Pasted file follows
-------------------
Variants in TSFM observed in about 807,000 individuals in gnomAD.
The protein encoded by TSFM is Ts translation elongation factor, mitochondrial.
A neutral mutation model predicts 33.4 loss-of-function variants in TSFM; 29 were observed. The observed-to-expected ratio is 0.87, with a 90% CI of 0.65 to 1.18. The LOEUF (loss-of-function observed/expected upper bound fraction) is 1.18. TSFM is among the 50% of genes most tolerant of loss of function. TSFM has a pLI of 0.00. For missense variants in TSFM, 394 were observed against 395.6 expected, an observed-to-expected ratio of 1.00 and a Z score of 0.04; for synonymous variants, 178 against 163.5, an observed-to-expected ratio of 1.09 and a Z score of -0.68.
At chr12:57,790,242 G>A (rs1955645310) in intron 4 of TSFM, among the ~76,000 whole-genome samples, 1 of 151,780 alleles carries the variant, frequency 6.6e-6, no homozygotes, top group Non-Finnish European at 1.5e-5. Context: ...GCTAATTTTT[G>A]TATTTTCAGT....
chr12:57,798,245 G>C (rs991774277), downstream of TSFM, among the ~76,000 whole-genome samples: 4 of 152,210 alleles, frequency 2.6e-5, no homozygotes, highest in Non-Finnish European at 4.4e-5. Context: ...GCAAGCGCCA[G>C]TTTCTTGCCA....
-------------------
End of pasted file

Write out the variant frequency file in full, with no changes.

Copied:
Variants in TSFM observed in about 807,000 individuals in gnomAD.
The protein encoded by TSFM is Ts translation elongation factor, mitochondrial.
A neutral mutation model predicts 33.4 loss-of-function variants in TSFM; 29 were observed. The observed-to-expected ratio is 0.87, with a 90% CI of 0.65 to 1.18. The LOEUF (loss-of-function observed/expected upper bound fraction) is 1.18. TSFM is among the 50% of genes most tolerant of loss of function. TSFM has a pLI of 0.00. For missense variants in TSFM, 394 were observed against 395.6 expected, an observed-to-expected ratio of 1.00 and a Z score of 0.04; for synonymous variants, 178 against 163.5, an observed-to-expected ratio of 1.09 and a Z score of -0.68.
At chr12:57,790,242 G>A (rs1955645310) in intron 4 of TSFM, among the ~76,000 whole-genome samples, 1 of 151,780 alleles carries the variant, frequency 6.6e-6, no homozygotes, top group Non-Finnish European at 1.5e-5. Context: ...GCTAATTTTT[G>A]TATTTTCAGT....
chr12:57,798,245 G>C (rs991774277), downstream of TSFM, among the ~76,000 whole-genome samples: 4 of 152,210 alleles, frequency 2.6e-5, no homozygotes, highest in Non-Finnish European at 4.4e-5. Context: ...GCAAGCGCCA[G>C]TTTCTTGCCA....